Funds for contraceptive implants scrapped; PopCom alarmed
Senate President Vicente Sotto III’s “regrettable” move to scrap the P195-million budget meant for contraceptive implants would only worsen the problem of teenage pregnancy, the Commission on Population and Development (PopCom) warned on Friday.
PopCom executive director Juan Antonio Perez III explained that the progestin subdermal implants cater mainly to young mothers, so that removing access to them would hamper “efforts to reduce repeat teen pregnancies across the Philippines,” which have become “a national social emergency,” according to Socioeconomic Planning Secretary Ernesto Pernia.
Based on PopCom’s data, the country needs a supply of 200,000 implants every six months. Without the budget, the current stock of 190,000 implants of the Department of Health (DOH) would be depleted by the middle of next year. “The action of the Senate President is regrettable since there is no scientific basis for [the] removal of [the implants’ budget]. The Food and Drug Administration (FDA) has not declared them as contrary to the provisions of the Responsible Parenthood and Reproductive Health law,” Perez said.
Sotto had earlier said that he moved to slash the DOH’s P195-million budget next year for the implants which, he claimed, are abortifacients.
Health Secretary Francisco Duque III has since disputed Sotto’s claim.
“The FDA has already cleared this product as nonabortifacient. Let’s leave it at that because the [FDA has] technical people who know what is harmful or what is safe … in accordance with their stringent standards of safety, efficacy and quality,” Duque said.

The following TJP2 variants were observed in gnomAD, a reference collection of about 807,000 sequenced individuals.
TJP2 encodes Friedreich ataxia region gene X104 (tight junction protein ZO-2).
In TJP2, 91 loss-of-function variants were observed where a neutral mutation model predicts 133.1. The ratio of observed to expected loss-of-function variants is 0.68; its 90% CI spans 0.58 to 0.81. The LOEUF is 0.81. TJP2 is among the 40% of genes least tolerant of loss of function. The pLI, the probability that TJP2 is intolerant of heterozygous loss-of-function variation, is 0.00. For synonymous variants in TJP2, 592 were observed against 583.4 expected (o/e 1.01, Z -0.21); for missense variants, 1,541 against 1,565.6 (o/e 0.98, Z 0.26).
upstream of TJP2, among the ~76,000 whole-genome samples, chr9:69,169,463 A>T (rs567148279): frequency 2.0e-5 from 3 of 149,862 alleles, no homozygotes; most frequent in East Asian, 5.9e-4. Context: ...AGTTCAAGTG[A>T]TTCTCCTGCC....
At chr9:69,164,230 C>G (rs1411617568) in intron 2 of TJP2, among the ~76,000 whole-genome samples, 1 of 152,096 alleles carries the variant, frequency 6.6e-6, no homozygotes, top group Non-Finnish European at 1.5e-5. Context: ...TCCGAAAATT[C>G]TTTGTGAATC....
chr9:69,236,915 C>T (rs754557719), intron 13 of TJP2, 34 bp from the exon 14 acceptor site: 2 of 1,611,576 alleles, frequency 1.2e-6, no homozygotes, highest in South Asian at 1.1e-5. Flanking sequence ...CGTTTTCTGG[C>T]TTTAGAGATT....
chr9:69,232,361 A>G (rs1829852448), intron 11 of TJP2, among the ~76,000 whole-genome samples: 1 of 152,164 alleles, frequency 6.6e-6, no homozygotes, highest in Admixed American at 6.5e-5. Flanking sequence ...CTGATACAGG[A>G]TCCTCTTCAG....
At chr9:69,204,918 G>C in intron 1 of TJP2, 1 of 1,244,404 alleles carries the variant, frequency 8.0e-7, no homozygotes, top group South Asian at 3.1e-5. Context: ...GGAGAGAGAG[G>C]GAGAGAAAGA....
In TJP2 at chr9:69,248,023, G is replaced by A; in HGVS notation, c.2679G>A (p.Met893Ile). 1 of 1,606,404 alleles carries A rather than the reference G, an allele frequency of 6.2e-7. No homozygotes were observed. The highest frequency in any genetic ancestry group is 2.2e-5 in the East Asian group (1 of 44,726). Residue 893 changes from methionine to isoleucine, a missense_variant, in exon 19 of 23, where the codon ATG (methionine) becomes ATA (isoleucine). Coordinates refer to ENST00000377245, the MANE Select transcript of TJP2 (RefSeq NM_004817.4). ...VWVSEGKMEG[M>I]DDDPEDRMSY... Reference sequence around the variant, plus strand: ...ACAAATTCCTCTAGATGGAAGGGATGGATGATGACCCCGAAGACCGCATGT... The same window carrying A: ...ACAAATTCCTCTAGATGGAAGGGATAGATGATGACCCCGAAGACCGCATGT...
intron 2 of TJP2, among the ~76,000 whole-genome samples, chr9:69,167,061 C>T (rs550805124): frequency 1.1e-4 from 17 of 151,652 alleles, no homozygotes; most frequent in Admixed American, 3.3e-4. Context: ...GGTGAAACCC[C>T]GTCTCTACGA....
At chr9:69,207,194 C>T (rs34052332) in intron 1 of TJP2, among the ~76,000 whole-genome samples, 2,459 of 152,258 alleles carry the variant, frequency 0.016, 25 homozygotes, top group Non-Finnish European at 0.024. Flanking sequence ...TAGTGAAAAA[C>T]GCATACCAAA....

Injectables’ fundIn a text message on Friday, Sotto said “what we removed was merely the fund for injectables, which are still the subject of a petition in the (Office of the President).”
He stressed that “the funds for condoms and other commodities remain intact.’’
On its website, the DOH said that the subdermal implant was an “effective approach” for women to have a “more beneficial and convenient manner of birth spacing.” An implant, the agency said, consists of a single, matchstick-sized rod containing the hormone progestin.“The contraceptive implant is inserted in the left arm of right-handed women and vice versa, and can provide protection for up to three years,” the DOH said.
“The injectable prevents the meeting of the egg and the sperm by preventing the release of a mature egg from the ovary. It also thickens the cervical mucus in the neck [top] of the uterus, making it difficult for the sperm to pass through,” it added. In August, Pernia expressed alarm at the rise of teenage pregnancy in the country. A 2017 National Demographic Health Survey showed that 9 percent of Filipino women between 15 and 19 years of age have begun childbearing, resulting in estimates of up to 24 babies born to teenage mothers every hour.
Family planning budget
Perez pointed out that rather than cut the budget for contraceptives, more funds are needed for the country’s family planning program.
“Our assessment is that [the program] is still underfunded, to the tune of at least P1.5 billion. Any action to reduce the current underfunding will be contrary to President Duterte’s stated priorities on population matters,” Perez said.
Health advocacy group The Forum for Family Planning and Development said that defunding the program to procure implants would put women and their families at a disadvantage.
“What is at stake here is the interest of women who want to space their pregnancies so that they and their children and families are healthy,” The Forum president Benjamin de Leon said.
He noted that without the wide variety of family planning options, women would not know what is best for them.“Denying [women] a highly effective method is also denying our country, especially households in poor communities, a chance to develop,” he said. —WITH A REPORT FROM DJ YAP
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